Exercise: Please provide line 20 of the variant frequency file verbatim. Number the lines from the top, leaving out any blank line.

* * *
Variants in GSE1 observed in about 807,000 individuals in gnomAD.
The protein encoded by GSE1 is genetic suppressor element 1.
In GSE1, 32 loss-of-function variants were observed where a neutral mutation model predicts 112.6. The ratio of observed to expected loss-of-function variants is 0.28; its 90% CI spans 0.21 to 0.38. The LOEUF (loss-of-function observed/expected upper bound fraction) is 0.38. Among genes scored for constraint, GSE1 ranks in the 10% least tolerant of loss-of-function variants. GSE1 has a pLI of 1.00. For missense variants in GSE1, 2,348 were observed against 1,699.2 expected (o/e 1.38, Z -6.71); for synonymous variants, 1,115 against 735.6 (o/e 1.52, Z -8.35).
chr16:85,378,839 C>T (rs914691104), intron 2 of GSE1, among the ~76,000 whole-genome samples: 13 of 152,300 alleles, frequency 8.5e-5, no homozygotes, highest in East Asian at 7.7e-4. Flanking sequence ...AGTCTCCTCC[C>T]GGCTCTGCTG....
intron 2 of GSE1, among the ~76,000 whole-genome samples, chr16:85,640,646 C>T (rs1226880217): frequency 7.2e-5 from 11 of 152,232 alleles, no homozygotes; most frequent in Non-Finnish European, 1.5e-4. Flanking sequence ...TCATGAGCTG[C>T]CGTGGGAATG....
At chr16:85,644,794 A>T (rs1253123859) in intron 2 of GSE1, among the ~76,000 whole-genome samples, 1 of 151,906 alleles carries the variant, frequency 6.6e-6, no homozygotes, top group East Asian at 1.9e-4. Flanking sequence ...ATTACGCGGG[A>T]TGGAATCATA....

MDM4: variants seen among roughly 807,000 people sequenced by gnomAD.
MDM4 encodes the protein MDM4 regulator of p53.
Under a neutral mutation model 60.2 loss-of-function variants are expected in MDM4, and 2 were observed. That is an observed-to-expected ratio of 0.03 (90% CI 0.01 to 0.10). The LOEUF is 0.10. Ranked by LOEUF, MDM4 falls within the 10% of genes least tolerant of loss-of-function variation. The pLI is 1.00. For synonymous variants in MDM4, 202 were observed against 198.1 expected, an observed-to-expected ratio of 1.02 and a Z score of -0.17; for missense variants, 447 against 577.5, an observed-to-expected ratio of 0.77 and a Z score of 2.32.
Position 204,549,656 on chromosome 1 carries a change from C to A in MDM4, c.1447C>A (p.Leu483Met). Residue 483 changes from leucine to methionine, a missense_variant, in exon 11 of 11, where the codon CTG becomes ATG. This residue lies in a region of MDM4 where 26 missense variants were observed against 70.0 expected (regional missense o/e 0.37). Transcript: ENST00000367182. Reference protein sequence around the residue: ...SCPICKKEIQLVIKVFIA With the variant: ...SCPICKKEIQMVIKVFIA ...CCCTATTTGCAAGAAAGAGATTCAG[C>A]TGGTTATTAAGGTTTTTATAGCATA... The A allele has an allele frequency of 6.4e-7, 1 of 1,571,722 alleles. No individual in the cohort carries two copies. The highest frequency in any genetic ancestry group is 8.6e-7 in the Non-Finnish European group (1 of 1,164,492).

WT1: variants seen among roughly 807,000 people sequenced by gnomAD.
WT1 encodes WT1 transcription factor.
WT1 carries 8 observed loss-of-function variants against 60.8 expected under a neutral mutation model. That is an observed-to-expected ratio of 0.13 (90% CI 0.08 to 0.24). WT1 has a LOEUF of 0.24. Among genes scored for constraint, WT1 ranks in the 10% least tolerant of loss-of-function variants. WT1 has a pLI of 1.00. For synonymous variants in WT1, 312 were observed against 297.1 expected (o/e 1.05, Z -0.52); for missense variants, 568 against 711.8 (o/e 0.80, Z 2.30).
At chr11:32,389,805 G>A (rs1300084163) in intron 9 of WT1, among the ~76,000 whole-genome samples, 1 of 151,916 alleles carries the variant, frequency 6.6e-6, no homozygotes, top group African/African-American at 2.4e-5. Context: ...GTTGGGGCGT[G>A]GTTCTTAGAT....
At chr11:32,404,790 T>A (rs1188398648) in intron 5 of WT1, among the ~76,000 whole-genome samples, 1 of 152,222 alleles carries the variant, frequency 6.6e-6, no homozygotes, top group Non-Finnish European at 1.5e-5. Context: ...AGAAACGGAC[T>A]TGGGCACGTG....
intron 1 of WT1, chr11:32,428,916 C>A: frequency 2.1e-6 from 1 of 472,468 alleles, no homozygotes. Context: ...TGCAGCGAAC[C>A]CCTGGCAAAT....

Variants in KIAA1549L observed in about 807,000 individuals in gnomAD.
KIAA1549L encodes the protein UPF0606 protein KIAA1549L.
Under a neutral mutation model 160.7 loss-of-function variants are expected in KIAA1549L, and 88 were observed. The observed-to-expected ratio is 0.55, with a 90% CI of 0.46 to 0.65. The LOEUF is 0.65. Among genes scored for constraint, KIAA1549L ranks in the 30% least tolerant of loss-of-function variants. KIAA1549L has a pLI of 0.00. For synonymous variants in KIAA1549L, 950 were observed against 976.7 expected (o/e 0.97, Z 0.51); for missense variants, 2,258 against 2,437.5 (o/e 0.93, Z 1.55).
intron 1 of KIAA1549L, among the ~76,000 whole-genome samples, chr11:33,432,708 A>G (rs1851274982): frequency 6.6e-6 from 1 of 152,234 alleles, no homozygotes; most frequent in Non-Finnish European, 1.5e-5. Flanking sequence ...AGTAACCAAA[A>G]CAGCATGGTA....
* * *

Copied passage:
intron 1 of KIAA1549L, among the ~76,000 whole-genome samples, chr11:33,432,708 A>G (rs1851274982): frequency 6.6e-6 from 1 of 152,234 alleles, no homozygotes; most frequent in Non-Finnish European, 1.5e-5. Flanking sequence ...AGTAACCAAA[A>G]CAGCATGGTA....